How upscale restaurants in Salt Lake City are handling the switch to takeout

COVID-19 has forced some eateries to rethink what it means to be a fine-dining establishment.

(Trent Nelson | The Salt Lake Tribune) Tyropita (feta, myzithra, charred green onion, crispy phyllo, piquillo romesco) at Manoli's in Salt Lake City on Saturday, Jan. 8, 2022.

With COVID-19 case counts rising, the omicron variant running wild and winter flu season setting in, it’s unsurprising that self-elected isolation is gaining popularity — as many decide going out is not an option.

There are still plenty of ways to have great, fresh dining experiences from the comfort of home.

Regardless of whether you have something to celebrate or are simply feeling worthy of a reward for making it through another year in a pandemic, here are some upscale restaurants that offer great takeout options, to make isolation a little bit tastier.

Beaumont Bakery and Cafe

In a shopping mall on the hills of Mount Olympus stands an unassuming brown building: Beaumont Bakery and Cafe.

The eatery — at 3979 Wasatch Blvd. in Millcreek — has become a staple of the Salt Lake Valley’s food scene, thanks to the comfortable atmosphere, fresh food and breathtaking pastries. But the pandemic forced the bakery to make some big changes, said owner Jana Whiting.

Whiting said she only closed the bakery/cafe for one full day during the pandemic, to redo the floors. “I’m supplying income to a lot of people that need it, so I didn’t want to,” she said. “I gave everyone an opportunity to work.”

Since then, she said, Whiting has instituted changes to improve efficiency — things she never had time to put into effect before, but that, in retrospect, she needed to flourish, she said.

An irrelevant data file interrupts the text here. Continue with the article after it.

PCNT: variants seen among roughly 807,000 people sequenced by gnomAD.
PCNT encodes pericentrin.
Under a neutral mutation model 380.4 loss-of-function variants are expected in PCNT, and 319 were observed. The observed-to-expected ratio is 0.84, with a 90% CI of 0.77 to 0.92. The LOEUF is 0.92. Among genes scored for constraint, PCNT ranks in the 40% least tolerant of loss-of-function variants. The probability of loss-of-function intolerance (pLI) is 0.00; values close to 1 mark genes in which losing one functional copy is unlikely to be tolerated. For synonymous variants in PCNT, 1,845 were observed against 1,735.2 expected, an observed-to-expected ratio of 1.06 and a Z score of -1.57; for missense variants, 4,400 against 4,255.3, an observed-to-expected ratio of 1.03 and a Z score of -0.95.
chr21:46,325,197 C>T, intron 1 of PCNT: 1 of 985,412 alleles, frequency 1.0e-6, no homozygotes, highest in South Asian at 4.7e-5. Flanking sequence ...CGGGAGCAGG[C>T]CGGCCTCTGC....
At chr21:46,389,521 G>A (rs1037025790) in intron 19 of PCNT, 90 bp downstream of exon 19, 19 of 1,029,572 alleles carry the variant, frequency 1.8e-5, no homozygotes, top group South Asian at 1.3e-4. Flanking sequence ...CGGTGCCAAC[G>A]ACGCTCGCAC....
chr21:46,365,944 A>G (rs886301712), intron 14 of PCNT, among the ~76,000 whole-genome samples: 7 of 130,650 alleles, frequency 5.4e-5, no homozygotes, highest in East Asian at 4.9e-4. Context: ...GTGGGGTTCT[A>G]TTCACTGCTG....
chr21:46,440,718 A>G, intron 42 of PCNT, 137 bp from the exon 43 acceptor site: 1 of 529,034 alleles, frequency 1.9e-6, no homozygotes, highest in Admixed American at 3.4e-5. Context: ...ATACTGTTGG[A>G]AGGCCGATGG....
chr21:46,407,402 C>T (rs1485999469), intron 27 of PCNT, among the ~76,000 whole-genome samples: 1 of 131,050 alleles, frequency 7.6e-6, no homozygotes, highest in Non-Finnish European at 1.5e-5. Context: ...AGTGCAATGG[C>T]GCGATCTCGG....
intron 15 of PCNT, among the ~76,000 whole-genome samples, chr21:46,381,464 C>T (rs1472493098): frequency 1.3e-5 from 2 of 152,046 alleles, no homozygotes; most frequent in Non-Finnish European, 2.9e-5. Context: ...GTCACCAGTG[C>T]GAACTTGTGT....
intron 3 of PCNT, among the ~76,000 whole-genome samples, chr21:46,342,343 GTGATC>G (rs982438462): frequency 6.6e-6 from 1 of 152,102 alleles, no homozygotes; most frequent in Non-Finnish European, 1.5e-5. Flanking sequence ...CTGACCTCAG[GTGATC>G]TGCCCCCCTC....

“Before the pandemic, I didn’t even have a phone hooked up,” Whiting said, laughing. Whiting also built up the bakery’s website, which jumpstarted her online ordering system.

Today, she said, Beaumont has its online system down — and Whiting aims to make the takeout experience as close to dining in as possible.

“We make the food the exact same way,” she said. “We package it the best we can. I think the packaging is important for takeout. It should look pretty, which I think ours does.”

There have been logistical hurdles, she said.

“One of the problems will be that somebody orders something and the time from when it’s prepared and when they come can sometimes be a long time,” Whiting said. “We don’t pre-do anything, so it takes more time, but it tastes better that way.” She asks customers for patience, knowing that it’s the quality of her food that keeps people coming back — and quality takes time.

And customers have been coming back. Beaumont Bakery and Cafe has seen its revenue go up 35% since the pandemic began, Whiting said.

A crisis, she said, “can be rough but it can make you better, too.”

For those wanting to try takeout from the French bakery, Whiting’s top recommendation is the avocado toast. “It’s a great takeaway item. If you like eggs, you should always get it with the egg,” she said. If you want something more chic, Whiting recommends the grain bowl with salmon, which you can get for takeout even if you might not see it on the menu.

Per Noi Trattoria

Per Noi Trattoria has been the epicenter of Italian cuisine in the Salt Lake area since its start in 2012. Its owner, Tony Casella, was born and raised in Italy, and he started the restaurant in a small neighborhood in Sugarhouse with a friend and a love for cooking. After his three-year lease in the first Sugarhouse location ended, Casella relocated to a space at 3005 S. Highland Drive, where Michaelangelo’s had recently closed.

“It was the perfect combination, because we needed the space and we were able to partner up with Michaelangelo’s,” Casella said.

The biggest change the pandemic brought, Casella said with a chuckle, was that “we’ve used a lot of to-go containers — a lot. A lot of pizza boxes.”